Test Seed Viability

By Tina Marie Wilcox, HSA Ozark Unit and 2017 Nancy Putnam Howard Award for Excellence in Horticulture

seed-catalogs-2017Get a jump on the growing season, save money and expand your selection of summer annuals by starting seeds early inside. First, research online and in catalogs for the time, temperature and light that your seeds need for germination. Find out if the plants are best planted directly into the garden and the days to harvest.

Reputable seed companies test their products for viability. If your seeds have not been tested, you can do this yourself to save time, potting medium and growing space.

Use thin, plastic sandwich bags that fold down (zip-lock varieties are not as good), white paper towels and a permanent marker. Label each bag with the seed variety and the date. Count out a specific number of seeds to test for viability. I usually test ten seeds.

Fold the towel in half three times to form a rectangle. Moisten the towel. Unfold it once and sprinkle the seed inside.  Refold and slip the towel into the labeled bag.  Loosely fold the bag to retard evaporation while allowing air exchange.

odd-nigerian-seeds-1323855_640If the seeds require light to germinate, sprinkle them on the outside surface of the folded towel and slip it into the bag. Do not put bags in direct sunlight, as this will overheat the seeds. To regulate periods of light and darkness, place the bag, seed-side-up, under 40-watt florescent lights at a distance of 8-inches below the lights. Plug the lights into a timer to provide cycles of day and night.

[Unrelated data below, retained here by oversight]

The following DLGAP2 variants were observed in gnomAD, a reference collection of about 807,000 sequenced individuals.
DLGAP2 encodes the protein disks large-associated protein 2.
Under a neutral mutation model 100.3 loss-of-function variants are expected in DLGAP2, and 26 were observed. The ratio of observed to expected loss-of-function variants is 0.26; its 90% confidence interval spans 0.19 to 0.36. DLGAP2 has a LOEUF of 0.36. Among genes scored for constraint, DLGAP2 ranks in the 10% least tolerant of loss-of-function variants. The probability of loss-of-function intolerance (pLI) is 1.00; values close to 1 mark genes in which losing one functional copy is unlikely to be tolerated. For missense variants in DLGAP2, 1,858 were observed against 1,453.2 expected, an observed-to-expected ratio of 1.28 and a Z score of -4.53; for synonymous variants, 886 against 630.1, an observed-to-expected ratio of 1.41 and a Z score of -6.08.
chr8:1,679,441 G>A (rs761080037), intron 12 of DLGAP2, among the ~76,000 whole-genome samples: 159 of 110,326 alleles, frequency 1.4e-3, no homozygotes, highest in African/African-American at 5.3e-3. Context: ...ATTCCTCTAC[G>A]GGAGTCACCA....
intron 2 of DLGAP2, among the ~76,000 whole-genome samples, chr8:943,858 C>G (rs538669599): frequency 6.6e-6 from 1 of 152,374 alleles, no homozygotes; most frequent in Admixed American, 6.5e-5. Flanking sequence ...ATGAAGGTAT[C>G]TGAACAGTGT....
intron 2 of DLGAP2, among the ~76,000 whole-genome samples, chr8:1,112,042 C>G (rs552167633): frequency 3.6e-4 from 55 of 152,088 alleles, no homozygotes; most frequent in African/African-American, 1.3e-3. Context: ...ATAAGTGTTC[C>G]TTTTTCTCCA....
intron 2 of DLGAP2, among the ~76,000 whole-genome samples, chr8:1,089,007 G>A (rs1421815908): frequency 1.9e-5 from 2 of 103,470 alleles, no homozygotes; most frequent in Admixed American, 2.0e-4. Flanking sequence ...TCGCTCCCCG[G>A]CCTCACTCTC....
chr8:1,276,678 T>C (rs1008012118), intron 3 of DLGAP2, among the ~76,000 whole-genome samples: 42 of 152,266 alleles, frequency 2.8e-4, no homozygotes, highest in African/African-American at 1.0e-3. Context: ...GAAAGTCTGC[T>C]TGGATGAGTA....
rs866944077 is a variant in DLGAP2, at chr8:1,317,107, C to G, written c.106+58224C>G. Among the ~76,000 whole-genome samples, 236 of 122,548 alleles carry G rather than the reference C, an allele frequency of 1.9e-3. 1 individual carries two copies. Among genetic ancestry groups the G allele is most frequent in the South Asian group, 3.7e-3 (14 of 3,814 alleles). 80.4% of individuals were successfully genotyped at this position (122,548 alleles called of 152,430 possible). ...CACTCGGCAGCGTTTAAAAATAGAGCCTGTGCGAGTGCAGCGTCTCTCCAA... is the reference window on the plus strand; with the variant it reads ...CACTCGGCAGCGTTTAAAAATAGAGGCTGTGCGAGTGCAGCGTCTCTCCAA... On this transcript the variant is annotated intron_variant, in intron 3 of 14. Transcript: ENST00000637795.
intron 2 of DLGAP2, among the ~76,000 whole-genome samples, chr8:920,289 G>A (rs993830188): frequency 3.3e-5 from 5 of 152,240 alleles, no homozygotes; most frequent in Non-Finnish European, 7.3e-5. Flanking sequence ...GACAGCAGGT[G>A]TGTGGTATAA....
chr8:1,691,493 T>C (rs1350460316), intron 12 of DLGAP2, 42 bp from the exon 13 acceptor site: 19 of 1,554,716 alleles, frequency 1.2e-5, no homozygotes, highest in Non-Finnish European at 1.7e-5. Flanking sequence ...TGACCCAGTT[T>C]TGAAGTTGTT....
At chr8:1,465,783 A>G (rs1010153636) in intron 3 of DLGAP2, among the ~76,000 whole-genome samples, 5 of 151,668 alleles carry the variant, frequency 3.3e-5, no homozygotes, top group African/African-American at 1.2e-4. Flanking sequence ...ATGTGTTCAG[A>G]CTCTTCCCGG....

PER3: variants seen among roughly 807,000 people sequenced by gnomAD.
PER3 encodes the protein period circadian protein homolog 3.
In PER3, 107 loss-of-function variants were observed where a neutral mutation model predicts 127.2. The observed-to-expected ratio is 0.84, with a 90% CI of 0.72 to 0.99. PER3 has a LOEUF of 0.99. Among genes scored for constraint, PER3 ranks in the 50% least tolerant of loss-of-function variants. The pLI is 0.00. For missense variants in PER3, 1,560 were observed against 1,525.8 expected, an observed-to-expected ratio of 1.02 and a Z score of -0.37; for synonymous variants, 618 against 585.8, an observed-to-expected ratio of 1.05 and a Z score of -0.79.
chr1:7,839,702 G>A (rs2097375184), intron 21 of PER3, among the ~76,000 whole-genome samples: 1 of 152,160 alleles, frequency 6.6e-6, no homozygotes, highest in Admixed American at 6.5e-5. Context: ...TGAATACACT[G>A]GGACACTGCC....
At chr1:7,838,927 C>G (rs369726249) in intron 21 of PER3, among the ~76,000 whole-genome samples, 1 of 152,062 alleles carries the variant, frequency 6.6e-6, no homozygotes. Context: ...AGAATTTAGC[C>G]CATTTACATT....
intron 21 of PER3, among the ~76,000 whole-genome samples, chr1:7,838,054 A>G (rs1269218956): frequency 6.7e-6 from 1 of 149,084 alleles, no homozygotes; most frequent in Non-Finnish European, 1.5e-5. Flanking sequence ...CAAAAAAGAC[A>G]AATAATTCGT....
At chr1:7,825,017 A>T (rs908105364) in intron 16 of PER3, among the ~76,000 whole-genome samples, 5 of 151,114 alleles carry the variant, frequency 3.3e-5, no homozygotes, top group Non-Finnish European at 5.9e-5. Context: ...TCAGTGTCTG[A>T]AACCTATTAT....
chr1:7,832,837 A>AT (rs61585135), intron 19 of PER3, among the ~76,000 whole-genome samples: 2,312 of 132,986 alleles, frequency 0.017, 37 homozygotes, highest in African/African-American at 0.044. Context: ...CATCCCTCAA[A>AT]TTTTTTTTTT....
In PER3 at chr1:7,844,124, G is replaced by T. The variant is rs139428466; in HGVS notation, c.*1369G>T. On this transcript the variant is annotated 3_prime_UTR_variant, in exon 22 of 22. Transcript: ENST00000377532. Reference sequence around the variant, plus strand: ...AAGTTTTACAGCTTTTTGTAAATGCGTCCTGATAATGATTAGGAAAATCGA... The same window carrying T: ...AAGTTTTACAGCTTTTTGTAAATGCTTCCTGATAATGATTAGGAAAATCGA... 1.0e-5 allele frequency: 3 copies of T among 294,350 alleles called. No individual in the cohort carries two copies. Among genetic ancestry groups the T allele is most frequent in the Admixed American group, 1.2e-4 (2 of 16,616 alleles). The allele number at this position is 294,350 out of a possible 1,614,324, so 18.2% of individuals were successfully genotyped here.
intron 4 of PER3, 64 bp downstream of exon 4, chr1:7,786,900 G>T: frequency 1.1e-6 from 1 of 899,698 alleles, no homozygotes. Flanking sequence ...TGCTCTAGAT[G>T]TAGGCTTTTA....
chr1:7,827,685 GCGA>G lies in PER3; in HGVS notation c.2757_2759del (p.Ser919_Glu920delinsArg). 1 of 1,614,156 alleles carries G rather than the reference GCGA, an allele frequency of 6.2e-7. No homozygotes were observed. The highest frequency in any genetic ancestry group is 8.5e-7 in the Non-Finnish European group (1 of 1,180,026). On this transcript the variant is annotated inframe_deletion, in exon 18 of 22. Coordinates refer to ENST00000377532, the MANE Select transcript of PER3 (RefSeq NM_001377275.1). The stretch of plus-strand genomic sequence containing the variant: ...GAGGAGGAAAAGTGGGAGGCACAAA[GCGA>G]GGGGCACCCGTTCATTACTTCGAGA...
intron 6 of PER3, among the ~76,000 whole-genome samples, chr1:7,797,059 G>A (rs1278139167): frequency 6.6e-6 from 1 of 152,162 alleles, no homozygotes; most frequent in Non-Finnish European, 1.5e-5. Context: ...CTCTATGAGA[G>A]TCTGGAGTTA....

Most importantly, place them in a warm place where you will remember to check for germination on a daily basis. As soon as the seeds split and taproots immerge, you know the seeds are viable.

A word of caution, do not plant too early. Housing summer annuals undercover for an extended time does not necessarily yield early production. Here in Zone 7a, our last average frost date is mid- April. We usually wait until after April 20th to set tender seedlings in the garden. Check out http://planthardiness.ars.usda.gov/PHZMWeb/ to find your zone.

Assemble pasteurized growing medium, sterile containers and labels. In the Heritage Herb Garden greenhouse, we use deep, 3-inch plastic pots. These fit tightly into flats (trays). We use two flats under the pots for added strength and security during transport.seedling

Fill the pots evenly with pre-moistened medium. Seeds that require light to germinate should be sprinkled on the surface of the medium. If they require darkness, the rule is to plant two-and-one-half times the thickness of the seed deep. Gently press the medium down into the pot, sow one to three seeds into each pot. Then cover with the proper amount of growing medium. Sprinkle water on the surface to settle the medium and seed. Finally, cover the pot(s) with a plastic dome or slip them into a clear plastic bag. You can also stretch plastic wrap over the top. Covering the medium keeps it evenly moist and is a temporary barrier against fungus gnats. Remove the covering as soon as the majority of seeds have germinated.

The growing medium temperature will be equal to the ambient temperature. Some growers use heat mats to maintain a constant temperature. This does speed germination time for summer annuals.

Plants kept in captivity will require strong light, fertilizer, and room for their roots as they grow. Leggy growth is a sign that the plants need more light. If growth slows and the bottom leaves get yellow, the plants are root-bound.  Provide adequate light and transplant as needed or the plants will be irreparably damaged. Before the plants can be planted out to the garden they must be hardened-off. Move them to a protected porch or cold frame for several days before subjecting them to the elements.

May your seeds germinate and thrive.

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